MERCER COUNTYPLS builds on the basics
By Joe Pinchot
Herald Staff Writer
PLS Buildersí name refers to the construction terms plumb, level and square, and technology hasnít changed those standards.
Nor has it changed the basic building philosophy of John Gump, PLSí owner.
"Fundamentally, platform framing, which was developed after the war as a way of building rapidly, hasnít changed," the Sharon man said.
But technology has changed the materials Gump uses and how he designs houses.
Based in Hermitage, PLS builds custom houses for the move-up market. The houses typically measure 2,200 to 3,200 square feet and cost $150,000 and up.
Gumpís wife, Kim, runs the office, while Gump handles design and construction.
The company is eight years old and has built more then 30 houses, primarily in Mercer County.
Gump has embraced the computer as a tool for design and research.
"What I like to do with the software is sit down with the customer and customize it for him," he said of house plans.
The software can show basic design elements such as where the rafters will be for the roof and how the second floor will sit on the first.
It also displays how the exterior of a room will look in three dimensions and allows customers to see how that would change if a window was moved or they chose a different bathroom fixture.
"The ability to visualize, whether itís the outside of a home or an interior space, that comes with experience," Gump said. "Most people do not possess that ability. Once they can see it they have a greater appreciation of how itís supposed to look."
Gump said it typically takes six meetings with three to four hours each meeting to work out a house design.
"Buy the time I start construction, I know every detail from doing it on a computer," Gump said, praising the dimensional accuracy he can achieve with the computer. "There are no surprises."
Gump also uses his computer to access the Internet and research products.
"I take it to be my responsibility to research the market and find out whatís new, whatís good," he said.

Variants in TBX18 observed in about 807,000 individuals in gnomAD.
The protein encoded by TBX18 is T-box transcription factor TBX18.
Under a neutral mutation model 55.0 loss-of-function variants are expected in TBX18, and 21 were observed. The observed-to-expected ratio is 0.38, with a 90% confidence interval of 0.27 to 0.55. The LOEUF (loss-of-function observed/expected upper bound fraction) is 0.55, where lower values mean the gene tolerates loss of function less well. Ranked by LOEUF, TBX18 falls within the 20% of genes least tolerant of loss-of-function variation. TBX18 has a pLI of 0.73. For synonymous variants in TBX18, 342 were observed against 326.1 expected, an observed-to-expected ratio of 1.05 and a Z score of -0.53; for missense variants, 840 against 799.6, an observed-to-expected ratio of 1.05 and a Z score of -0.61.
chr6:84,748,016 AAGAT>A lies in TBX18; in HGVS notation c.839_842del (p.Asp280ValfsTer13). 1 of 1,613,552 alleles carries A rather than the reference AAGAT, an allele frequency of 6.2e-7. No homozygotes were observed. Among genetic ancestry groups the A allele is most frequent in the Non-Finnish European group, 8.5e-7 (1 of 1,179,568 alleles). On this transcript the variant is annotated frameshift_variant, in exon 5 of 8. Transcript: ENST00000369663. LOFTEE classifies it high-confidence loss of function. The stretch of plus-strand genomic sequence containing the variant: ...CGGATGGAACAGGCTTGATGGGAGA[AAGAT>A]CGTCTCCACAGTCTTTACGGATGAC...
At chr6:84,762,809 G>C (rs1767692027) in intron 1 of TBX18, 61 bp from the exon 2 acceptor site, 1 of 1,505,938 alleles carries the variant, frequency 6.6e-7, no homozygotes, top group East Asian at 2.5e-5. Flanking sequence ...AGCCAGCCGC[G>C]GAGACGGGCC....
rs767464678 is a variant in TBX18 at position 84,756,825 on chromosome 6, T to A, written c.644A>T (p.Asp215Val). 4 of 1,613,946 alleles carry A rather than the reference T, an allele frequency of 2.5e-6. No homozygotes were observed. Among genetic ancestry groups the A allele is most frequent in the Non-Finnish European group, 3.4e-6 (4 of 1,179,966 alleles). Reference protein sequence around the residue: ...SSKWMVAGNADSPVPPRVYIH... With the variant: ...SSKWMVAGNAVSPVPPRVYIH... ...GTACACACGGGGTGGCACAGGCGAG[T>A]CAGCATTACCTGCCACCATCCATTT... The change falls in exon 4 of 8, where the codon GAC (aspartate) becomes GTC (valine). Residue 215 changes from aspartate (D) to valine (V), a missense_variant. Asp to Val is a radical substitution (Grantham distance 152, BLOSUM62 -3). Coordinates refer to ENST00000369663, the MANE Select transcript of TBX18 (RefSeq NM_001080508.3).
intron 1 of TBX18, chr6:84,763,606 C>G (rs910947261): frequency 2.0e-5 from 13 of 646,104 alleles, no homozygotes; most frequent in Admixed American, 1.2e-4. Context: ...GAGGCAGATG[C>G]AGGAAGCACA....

Heís responsible because there might be liability issues should products or materials be used improperly. Engineered lumber, factory-made spans made with glue and under pressure, have allowed greater spans and higher cathedral ceilings, but still have limits.
Customers usually have done some homework on their own.
"As a result, they expect that out of you," he said. "Itís part of my responsibility to have a lot of information about a lot of different products."
Gump said the more the customer knows the better they can come up with a design they like.
"Itís easier to work with somebody who knows what they want," he said.
A wide knowledge of products and materials also helps Gump advise customers on what would or would not work.
For example, heat pumps are usually very good investments, but Gump advises against using geothermal heat pumps unless the house is larger than 3,500 square feet.
"We try to help people spend the money wisely," he said.
Part of that goal is helping people think not only about cost of construction but also the cost of maintenance in choosing products and materials.
"In our market, people arenít as concerned with inexpensive construction as they are about how the money they are investing can get the most performance," he said.
Technology has made "huge" improvements in heating an air conditioning units, with efficiency ratings of 90-95 percent, better than the 50 percent available 15 years ago, he said.
Recreation and lifestyle has become a major concern in home building, much more so than in the past, he said. People want Internet access, dedicated fax lines and computer and home theater capabilities built into their houses.
Gump said itís easier to plan for that during construction, before the walls have been attached.
As the profession becomes more technical, Gump will have to obtain more licenses and certifications to keep up. He noted he is licensed to use powder actuated fasteners, which attach steel to wood, although there isnít much call for that skill.
Gump said it doesnít bother him that he has to spend a lot of time away from construction to research products and materials and learning how to work with new software.
"Iíve always enjoyed tech books," he said. "I enjoy reading the productsí tech info sheets."
The pay off is when construction starts and every detail is already worked out, and customers are more excited than apprehensive about their new homes.
Gump said he understands that people are stressed at the prospect of building and paying for a house.
"We try to make the building process as calm as possible."
PLS has a Web site -- plsbuilders.com -- showing exteriors and interiors of houses it has built and a list of materials and products Gump likes to use.
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